Speaking to HR magazine Dianne Greyson, founder of the Ethnicity Pay Gap Campaign, said that the government’s objections during the debate were unfounded and it needs to act.
“If you’ve got an ethnic pay gap in your organisation, then you have discrimination in that organisation and something needs to be done,” she said.
“The government seems to be somewhere else at the moment when it comes to equalities.”
Overcoming challenges in introducing ethnicity pay gap reporting:
Paul Scully, the under-secretary for business, energy and industrial strategy (BEIS) appeared before the petitions committee as it debated the issue.
He cited several difficulties in establishing an ethnicity pay gap reporting framework including the refusal of employees to identify themselves as a particular ethnicity.
Drawing on the example of the civil service, Scully noted that 22% of employees did not identify themselves which caused the pay gap figures to become skewed.
“That is just one of the anomalies, or unintended consequences. It is not something that we cannot get around, but it is illustrative of how statistics can be misread and a problem misdiagnosed,” claimed the minister.
Greyson, who is also managing partner of D&I consultancy Synergised Solutions, said that HR is perfectly positioned to help overcome such obstacles.
“HR has an important role to play in those situations. An organisation needs to be clear and honest in its messaging.
“HR are able to have those conversations and hold workshops and explain why you are doing this and how it's going to help those employees,” she said.
“Ethnicity pay gap reporting is one of the most transformative steps to address race inequality at work,” Matthew Fell, chief policy director at the CBI told HR magazine.
“Companies want to see the introduction of mandatory ethnicity pay gap reporting, in the same way as they do for gender, because closing the gap is not just the right thing to do – the business case is watertight.”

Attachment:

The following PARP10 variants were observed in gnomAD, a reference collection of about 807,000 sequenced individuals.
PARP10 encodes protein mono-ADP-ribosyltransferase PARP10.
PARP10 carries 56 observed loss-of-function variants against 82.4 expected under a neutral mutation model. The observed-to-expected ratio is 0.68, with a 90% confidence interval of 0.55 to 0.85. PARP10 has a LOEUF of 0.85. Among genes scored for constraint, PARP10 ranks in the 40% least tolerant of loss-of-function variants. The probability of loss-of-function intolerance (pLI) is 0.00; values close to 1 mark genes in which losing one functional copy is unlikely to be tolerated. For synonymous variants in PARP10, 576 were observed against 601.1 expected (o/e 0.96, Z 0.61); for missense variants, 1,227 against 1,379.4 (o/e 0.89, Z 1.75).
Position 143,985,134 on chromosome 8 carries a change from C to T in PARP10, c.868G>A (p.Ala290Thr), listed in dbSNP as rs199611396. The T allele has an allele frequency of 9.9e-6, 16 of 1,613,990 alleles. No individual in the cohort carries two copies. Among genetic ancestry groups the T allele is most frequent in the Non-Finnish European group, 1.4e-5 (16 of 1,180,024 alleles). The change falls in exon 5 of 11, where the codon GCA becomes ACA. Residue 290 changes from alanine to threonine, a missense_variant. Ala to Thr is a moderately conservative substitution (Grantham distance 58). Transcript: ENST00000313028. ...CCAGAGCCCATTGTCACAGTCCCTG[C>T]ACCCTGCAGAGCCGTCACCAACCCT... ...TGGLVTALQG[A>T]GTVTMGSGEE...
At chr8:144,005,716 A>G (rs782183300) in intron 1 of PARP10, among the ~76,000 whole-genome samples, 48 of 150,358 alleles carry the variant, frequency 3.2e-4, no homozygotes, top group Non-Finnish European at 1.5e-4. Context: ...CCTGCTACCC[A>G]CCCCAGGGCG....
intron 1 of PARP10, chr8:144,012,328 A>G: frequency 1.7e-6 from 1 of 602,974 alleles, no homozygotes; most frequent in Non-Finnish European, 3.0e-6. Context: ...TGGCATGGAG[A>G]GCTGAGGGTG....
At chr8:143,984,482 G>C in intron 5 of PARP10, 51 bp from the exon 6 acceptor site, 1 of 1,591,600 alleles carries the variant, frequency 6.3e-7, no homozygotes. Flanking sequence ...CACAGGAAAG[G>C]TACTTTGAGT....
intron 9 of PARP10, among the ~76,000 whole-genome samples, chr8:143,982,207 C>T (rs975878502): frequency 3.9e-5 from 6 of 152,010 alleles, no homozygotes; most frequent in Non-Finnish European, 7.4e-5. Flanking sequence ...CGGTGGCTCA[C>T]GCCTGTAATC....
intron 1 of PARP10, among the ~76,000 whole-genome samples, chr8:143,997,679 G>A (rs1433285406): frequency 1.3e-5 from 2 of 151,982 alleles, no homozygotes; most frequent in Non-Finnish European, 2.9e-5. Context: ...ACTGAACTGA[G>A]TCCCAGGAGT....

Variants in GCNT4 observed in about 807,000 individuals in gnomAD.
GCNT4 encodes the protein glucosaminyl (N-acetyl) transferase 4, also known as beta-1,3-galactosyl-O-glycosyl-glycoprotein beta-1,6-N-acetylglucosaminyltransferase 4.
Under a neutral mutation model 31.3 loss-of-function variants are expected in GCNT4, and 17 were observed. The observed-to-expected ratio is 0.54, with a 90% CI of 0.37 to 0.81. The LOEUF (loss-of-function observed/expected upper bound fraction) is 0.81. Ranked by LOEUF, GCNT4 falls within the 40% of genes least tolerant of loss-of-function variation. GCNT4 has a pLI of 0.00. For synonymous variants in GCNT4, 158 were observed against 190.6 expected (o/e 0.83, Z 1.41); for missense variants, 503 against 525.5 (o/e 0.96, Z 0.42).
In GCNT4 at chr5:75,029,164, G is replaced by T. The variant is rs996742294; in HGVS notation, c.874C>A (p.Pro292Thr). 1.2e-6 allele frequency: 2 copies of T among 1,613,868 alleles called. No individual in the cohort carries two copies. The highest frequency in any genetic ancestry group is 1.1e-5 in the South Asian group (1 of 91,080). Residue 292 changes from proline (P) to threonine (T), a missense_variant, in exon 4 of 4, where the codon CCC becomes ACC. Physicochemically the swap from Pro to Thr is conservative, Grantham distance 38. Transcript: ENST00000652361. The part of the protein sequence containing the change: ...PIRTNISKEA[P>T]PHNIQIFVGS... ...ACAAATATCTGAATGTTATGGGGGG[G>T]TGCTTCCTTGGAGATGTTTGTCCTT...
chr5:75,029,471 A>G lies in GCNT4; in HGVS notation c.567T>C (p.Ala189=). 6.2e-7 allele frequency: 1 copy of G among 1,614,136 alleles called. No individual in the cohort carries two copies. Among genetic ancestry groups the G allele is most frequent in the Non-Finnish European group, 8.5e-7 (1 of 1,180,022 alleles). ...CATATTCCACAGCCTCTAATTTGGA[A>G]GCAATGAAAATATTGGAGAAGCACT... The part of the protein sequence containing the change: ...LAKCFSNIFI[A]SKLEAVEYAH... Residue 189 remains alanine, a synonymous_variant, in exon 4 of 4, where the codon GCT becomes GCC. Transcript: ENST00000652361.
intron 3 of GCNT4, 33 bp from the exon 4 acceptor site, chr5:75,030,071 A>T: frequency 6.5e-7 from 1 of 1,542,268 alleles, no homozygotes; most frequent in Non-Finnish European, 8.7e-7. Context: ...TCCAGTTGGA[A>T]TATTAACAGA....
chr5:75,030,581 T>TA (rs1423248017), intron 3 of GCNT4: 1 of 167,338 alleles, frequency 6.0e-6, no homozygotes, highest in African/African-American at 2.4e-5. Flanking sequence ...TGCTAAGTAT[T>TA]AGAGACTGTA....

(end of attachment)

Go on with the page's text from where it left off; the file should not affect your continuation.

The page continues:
Abena Oppong-Asare, MP for Erith and Thamesmead, argued that current voluntary reporting was inadequate.
Earlier this week, analysis by the CIPD found that just 13 of the FTSE100 companies published their ethnicity pay gaps. Oppong-Asare likened this to voluntary gender pay gap reporting prior to 2017 when just six companies published it.
Felicia Willow, interim chief executive of the Fawcett Society, told HR magazine that it fully supports mandatory reporting, but there are lessons to be learned from reporting on gender.
“Reporting alone is not enough – we see that now with gender pay gap reporting,” said Willow.
“Fawcett has long campaigned for gender pay gap reporting to be strengthened and made meaningful, including through introducing mandatory action plans to set out how employers will reduce their pay gaps and reducing the size of employers required to participate from 250 employees to 100.
“Ethnicity pay gap reporting will need similar action to be effective and taken seriously by employers."
The problems with gender pay gap reporting:
The additional data burden put on workplaces in ethnicity pay gap reporting was also noted in the debate.
"This is far more than just extra admin,” responded Wanda Wyporska, CEO of the Equality Trust.
“These data will give employers a clearer idea of where the discrepancies lie and where there may be recruitment and retention issues. Many employers are already reporting on the ethnic minority pay gap, which is to be welcomed, but we also need action to tackle institutional inequalities and racism in the workplace."
Before publishing an official response, Scully said government would be considering the 2017 McGregor-Smith Review on Race in the Workplace, its own 2018 consultation on mandatory ethnicity pay gap reporting and the findings of the Commission on Race and Ethnic Disparities from earlier this year.